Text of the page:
With her photobook “Bell,” Japanese photographer Eriko Koga takes the viewer on a journey into the depths of a Japanese legend and takes a close look at life and family in modern society.
In the folktale of “Anchin and Kiyohime”, which originated over a thousand years ago, a young woman named Kiyohime falls in love with the Buddhist monk Anchin. He betrays and evades her in order to continue his ascetic practice. Refusing to let go, Kiyohime pursues the monk and transforms into a giant, wrathful serpent along the way. She finds Anchin hiding inside a large bell at the Dojoji temple, wraps her body around the bell, spits fire and incinerates the bell along with Anchin. Devastated, she cries tears of blood and throws herself into a river. It is told that both reached heaven in their afterlife.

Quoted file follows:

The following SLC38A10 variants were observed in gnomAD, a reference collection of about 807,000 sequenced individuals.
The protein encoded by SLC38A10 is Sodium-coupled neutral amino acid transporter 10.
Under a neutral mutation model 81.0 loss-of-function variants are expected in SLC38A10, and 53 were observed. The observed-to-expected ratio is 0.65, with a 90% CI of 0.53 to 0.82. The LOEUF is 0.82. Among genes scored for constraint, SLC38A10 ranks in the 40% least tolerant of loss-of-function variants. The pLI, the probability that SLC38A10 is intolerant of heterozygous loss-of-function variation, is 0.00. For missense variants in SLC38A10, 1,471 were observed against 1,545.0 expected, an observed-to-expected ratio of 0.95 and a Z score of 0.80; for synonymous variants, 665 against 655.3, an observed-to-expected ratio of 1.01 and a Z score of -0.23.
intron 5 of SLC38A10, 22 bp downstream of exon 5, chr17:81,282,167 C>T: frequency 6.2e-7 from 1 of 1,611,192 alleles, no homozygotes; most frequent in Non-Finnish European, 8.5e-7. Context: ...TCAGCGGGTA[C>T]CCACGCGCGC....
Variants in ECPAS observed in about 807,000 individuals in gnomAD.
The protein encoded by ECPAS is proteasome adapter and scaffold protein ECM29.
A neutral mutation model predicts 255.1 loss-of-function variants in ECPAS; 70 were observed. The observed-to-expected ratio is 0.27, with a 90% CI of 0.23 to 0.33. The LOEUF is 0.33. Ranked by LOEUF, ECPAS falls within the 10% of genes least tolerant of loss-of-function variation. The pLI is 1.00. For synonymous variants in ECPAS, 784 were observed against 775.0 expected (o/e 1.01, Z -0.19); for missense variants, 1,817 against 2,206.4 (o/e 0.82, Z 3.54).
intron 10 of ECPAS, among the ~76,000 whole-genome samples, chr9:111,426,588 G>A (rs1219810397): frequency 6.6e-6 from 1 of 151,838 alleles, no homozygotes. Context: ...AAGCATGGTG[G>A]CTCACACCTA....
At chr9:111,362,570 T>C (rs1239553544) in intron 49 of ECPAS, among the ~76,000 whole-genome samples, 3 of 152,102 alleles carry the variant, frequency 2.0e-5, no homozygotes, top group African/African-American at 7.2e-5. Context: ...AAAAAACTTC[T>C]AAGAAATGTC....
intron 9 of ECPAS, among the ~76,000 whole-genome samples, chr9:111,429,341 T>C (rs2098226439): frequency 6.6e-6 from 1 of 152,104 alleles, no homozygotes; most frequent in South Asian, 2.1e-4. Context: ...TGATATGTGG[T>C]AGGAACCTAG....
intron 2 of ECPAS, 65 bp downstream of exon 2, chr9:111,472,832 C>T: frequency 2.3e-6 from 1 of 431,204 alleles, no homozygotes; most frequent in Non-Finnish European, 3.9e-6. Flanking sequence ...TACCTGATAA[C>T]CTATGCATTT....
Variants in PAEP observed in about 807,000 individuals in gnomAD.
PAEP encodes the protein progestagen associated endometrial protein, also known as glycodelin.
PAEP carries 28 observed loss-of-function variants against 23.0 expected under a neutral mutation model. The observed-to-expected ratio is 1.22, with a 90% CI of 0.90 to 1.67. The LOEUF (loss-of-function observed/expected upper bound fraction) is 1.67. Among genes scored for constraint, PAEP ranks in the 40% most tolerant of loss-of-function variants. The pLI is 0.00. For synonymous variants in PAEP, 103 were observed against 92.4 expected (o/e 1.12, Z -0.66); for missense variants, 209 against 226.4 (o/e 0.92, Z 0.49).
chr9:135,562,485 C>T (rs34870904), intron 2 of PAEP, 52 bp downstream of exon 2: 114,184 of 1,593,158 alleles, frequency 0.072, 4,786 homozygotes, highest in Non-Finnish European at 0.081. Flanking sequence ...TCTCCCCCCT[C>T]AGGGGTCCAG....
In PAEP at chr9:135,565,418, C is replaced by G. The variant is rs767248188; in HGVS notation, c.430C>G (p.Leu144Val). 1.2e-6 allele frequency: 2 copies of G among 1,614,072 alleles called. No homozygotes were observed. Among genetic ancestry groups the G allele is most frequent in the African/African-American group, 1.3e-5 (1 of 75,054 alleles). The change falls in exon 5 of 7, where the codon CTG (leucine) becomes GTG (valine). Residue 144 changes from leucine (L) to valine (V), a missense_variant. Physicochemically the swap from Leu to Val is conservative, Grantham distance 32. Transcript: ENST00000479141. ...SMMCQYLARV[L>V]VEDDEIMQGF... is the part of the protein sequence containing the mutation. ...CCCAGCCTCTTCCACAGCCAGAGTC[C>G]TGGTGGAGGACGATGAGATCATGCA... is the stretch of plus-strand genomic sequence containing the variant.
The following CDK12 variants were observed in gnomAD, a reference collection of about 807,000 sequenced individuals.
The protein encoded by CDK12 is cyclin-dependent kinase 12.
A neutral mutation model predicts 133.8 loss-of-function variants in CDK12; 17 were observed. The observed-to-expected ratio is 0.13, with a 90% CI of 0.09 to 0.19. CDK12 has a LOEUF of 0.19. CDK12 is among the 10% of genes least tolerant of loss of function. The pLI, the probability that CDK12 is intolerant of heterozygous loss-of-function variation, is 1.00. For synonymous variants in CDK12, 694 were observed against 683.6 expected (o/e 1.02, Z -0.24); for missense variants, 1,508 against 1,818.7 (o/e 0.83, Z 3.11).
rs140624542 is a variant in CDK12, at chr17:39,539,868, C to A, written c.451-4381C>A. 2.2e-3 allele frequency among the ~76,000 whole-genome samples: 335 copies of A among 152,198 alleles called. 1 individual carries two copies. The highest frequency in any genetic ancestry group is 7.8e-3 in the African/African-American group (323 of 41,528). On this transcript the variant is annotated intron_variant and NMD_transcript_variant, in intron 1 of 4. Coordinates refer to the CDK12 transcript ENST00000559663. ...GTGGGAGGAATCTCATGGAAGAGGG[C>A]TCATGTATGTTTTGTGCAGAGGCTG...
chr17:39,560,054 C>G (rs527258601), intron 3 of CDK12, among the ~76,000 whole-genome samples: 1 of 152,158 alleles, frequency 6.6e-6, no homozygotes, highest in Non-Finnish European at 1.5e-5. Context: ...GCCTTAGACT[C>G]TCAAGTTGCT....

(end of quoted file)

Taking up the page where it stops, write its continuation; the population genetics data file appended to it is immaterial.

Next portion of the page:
Following these themes of love, betrayal, passion, obsession, despair as well as life and death, Koga photographed her “Bell” series while imagining Kiyohime’s sorrow and hidden strength in the modern world. Her obsession, her anger, her grief overlaps with the unspoken feelings of many who brave the adversities of their daily lives; in Koga’s photographs, the background for the story is provided by grocery stores, shopping malls and riverbanks.
“Through an internal dialogue with the legend and an open but intimate observation of my family and our life together, I found myself yearning for a free, unbridled way of life, and in the process caught sight of new possibilities sprouting at our feet.” — from Eriko Koga’s afterword (included in Japanese & English translation)